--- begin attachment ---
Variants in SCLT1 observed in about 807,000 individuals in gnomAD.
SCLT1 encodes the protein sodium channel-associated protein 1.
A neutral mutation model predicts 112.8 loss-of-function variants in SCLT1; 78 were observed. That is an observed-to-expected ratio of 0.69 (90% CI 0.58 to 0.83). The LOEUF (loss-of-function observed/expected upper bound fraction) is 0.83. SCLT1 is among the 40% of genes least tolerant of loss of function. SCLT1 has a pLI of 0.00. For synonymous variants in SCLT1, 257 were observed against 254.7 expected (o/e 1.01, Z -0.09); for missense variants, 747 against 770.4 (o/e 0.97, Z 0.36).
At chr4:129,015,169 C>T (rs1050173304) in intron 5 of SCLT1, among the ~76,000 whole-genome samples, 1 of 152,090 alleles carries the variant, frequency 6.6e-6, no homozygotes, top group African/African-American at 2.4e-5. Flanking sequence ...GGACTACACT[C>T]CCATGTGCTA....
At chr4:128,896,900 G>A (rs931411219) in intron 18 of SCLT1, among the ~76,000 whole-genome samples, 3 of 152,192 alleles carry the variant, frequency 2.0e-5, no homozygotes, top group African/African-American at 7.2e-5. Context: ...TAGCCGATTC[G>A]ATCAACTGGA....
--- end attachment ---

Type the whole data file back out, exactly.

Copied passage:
Variants in SCLT1 observed in about 807,000 individuals in gnomAD.
SCLT1 encodes the protein sodium channel-associated protein 1.
A neutral mutation model predicts 112.8 loss-of-function variants in SCLT1; 78 were observed. That is an observed-to-expected ratio of 0.69 (90% CI 0.58 to 0.83). The LOEUF (loss-of-function observed/expected upper bound fraction) is 0.83. SCLT1 is among the 40% of genes least tolerant of loss of function. SCLT1 has a pLI of 0.00. For synonymous variants in SCLT1, 257 were observed against 254.7 expected (o/e 1.01, Z -0.09); for missense variants, 747 against 770.4 (o/e 0.97, Z 0.36).
At chr4:129,015,169 C>T (rs1050173304) in intron 5 of SCLT1, among the ~76,000 whole-genome samples, 1 of 152,090 alleles carries the variant, frequency 6.6e-6, no homozygotes, top group African/African-American at 2.4e-5. Flanking sequence ...GGACTACACT[C>T]CCATGTGCTA....
At chr4:128,896,900 G>A (rs931411219) in intron 18 of SCLT1, among the ~76,000 whole-genome samples, 3 of 152,192 alleles carry the variant, frequency 2.0e-5, no homozygotes, top group African/African-American at 7.2e-5. Context: ...TAGCCGATTC[G>A]ATCAACTGGA....